Asset Allocation Insights

Our monthly view on asset allocation (October 2018)

Tuesday, 10/23/2018

While the causes and symptoms of later-cycle dynamics are legitimate, we are still constructive maintain our pro-risk stance of equities over bonds. A stabilisation of global growth (positive-yet-softer expansion ) was expected, but this ‘toughing’ of growth has been bumpy when looking at individual country performance. In terms of regional asset allocation, the U.S. is still our top region, but less so in favour of Europe and Japan where we see good value. Finally, on the inflation front, we have seen figures continue to trend higher - not yet a material concern, but worth keeping a close eye on.

Tuesday, 10/23/2018 - 08:28
Fabrizio Quirighetti Macroeconomic Strategist
Adrien Pichoud Economist
Maurice Harari Senior Portfolio Manager
Luc Filip Head of Private Banking Investments
Grille d'allocation

The cycle is not dead… yet

Recurring concerns about possible causes (e.g., trade tariffs) or symptoms (e.g., flatter yield curve) about the US economic cycle is legitimate at this stage, but still premature. While disappointments may be inevitable after stronger-than expected growth posted over the last few quarters, it won’t be an outright recession – as long as inflation behaves well and monetary policy isn’t too restrictive. As the maxim goes "the Cycle dies when the Fed puts a bullet in its forehead", either by policy misstep or the hand of inflation.

Applying the same reasoning to Europe, given current ECB posture and core inflation level, we shouldn’t be excessively concerned by the poor economic performances in euro area. These, to some extent, are due to the bloc economies producing less than their potential.

There is still plenty of catch-up potential in domestic demand. Thus, with absolutely no signs of economic exuberance, we may see a prolonged period of contraction. Encouragingly, recent tangible signs of stabilisation in eurozone activity, coupled with decent to strong growth elsewhere on the continent, should help restore confidence beyond the Italian budget saga.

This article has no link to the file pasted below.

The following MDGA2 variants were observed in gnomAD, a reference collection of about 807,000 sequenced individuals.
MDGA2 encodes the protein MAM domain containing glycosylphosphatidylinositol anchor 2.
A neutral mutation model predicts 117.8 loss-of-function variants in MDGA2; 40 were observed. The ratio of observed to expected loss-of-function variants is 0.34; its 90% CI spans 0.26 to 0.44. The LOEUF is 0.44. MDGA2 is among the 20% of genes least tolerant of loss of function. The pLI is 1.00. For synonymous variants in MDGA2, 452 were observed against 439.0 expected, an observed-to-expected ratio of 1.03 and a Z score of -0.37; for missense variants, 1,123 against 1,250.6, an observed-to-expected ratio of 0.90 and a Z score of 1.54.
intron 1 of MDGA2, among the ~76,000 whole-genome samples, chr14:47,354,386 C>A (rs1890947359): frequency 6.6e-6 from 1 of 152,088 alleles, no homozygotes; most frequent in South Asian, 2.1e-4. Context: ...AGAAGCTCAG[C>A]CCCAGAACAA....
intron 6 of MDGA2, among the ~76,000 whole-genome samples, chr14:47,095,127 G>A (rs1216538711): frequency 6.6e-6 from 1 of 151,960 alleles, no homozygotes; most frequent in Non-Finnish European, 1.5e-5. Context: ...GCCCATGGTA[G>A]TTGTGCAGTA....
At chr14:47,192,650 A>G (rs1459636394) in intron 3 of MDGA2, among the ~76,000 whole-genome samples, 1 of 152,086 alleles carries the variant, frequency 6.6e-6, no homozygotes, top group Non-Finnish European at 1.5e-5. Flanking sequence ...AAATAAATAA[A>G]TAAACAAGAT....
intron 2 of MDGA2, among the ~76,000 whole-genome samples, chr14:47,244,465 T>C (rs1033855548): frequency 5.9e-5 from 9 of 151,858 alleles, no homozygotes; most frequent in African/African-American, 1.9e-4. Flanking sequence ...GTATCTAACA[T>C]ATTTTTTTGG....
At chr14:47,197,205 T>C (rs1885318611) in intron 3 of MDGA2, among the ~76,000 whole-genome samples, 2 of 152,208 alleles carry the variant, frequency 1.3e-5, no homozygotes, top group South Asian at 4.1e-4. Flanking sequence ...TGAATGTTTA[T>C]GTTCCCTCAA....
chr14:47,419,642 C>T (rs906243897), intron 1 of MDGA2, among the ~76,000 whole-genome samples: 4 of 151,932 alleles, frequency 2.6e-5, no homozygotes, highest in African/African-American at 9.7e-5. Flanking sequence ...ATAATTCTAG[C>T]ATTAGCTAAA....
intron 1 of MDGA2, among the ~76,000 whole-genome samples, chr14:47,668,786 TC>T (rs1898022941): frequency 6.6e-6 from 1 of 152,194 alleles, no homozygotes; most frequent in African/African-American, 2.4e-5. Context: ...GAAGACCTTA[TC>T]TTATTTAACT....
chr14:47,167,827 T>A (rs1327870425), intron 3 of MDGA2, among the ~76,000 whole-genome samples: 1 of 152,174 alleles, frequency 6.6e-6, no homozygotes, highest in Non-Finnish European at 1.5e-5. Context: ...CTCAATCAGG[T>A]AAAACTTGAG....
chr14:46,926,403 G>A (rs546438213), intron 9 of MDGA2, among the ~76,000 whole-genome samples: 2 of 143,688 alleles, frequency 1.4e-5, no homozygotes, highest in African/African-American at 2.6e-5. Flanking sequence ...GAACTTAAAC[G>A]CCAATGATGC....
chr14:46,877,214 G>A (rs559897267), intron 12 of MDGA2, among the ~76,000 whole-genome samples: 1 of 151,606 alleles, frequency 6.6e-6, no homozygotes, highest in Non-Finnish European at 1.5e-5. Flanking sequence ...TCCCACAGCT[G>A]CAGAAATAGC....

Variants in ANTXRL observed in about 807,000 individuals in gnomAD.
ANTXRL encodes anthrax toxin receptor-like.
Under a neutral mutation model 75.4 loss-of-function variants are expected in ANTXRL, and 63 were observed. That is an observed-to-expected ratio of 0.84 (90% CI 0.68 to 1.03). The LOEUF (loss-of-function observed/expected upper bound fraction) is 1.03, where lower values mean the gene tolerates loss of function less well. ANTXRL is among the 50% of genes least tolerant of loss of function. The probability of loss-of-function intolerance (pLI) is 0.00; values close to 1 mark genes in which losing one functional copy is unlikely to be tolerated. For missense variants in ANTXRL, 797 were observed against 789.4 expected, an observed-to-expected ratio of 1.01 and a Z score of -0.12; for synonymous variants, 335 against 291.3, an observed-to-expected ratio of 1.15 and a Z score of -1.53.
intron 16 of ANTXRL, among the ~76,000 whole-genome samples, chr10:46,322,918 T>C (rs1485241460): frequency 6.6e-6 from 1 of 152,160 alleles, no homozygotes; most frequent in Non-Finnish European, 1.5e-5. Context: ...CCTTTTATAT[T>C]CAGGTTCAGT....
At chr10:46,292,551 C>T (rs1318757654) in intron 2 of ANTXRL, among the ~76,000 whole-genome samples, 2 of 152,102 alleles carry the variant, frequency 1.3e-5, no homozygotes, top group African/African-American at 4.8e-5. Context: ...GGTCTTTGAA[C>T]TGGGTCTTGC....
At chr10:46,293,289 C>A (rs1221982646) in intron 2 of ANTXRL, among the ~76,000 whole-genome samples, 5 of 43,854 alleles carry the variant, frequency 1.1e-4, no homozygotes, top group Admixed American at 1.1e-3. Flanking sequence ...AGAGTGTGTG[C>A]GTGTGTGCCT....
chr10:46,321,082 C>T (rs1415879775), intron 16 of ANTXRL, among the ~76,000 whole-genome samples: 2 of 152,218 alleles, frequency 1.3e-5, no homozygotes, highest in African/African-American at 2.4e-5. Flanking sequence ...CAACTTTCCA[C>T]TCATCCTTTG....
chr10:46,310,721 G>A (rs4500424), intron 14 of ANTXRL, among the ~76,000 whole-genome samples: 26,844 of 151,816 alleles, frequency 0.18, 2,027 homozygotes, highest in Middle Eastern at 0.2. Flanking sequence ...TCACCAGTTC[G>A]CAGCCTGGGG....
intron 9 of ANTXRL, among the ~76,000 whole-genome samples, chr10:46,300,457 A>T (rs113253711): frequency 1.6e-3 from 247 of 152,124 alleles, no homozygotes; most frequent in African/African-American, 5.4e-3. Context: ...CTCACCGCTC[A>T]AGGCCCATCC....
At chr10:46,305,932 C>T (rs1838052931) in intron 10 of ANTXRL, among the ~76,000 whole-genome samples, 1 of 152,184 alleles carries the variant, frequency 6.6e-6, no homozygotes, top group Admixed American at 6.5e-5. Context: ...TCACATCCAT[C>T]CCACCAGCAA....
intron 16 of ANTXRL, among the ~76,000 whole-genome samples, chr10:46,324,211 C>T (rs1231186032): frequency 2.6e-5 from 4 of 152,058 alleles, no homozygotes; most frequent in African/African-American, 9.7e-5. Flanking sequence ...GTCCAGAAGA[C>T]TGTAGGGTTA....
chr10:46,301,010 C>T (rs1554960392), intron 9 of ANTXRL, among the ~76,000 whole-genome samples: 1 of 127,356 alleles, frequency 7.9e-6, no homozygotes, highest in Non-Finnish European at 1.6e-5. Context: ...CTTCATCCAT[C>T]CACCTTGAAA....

This leave us with China, where the government is now trying to mitigate and indirectly reverse the slowdown in credit expansion it triggered last year. A bottoming out in China activity, still on the cards, should help to lift sentiment towards non-US equities and EM assets more specifically.

As a result, we haven’t changed our key stance to favour equities over bonds. Tactically, eurozone and Japan equities were upgraded and, thus, our relative preference for US equities, while still in place, was indirectly reduced. As long as the music is playing, we should keep dancing.

_Fabrizio Quirighetti

Economic backdrop in a nutshell and global economic review

The global economy is entering Q4 in a situation of ‘unstable stabilisation’. Several of this summer’s concerns have gradually become less acute. Firm domestic demand in Europe is supporting economic activity, despite the continuing slowdown in export-oriented industrial sectors. Early signs of growth stabilisation in China, yet to be confirmed, have appeared, suggesting monetary and fiscal stimulus are gradually percolating through to the economy. While the end result of the ongoing US-China trade war, Brexit negotiations and of Italian government fiscal policy can hardly be predicted, the risks linked to these three issues are now better known and priced in by financial markets. Argentina’s negotiations for IMF support have helped to stem the peso’s fall, while a sizeable – if belated – rate hike by the Central Bank of Turkey has finally put a floor under the price of Turkish assets. These developments are welcome news after a particularly volatile summer.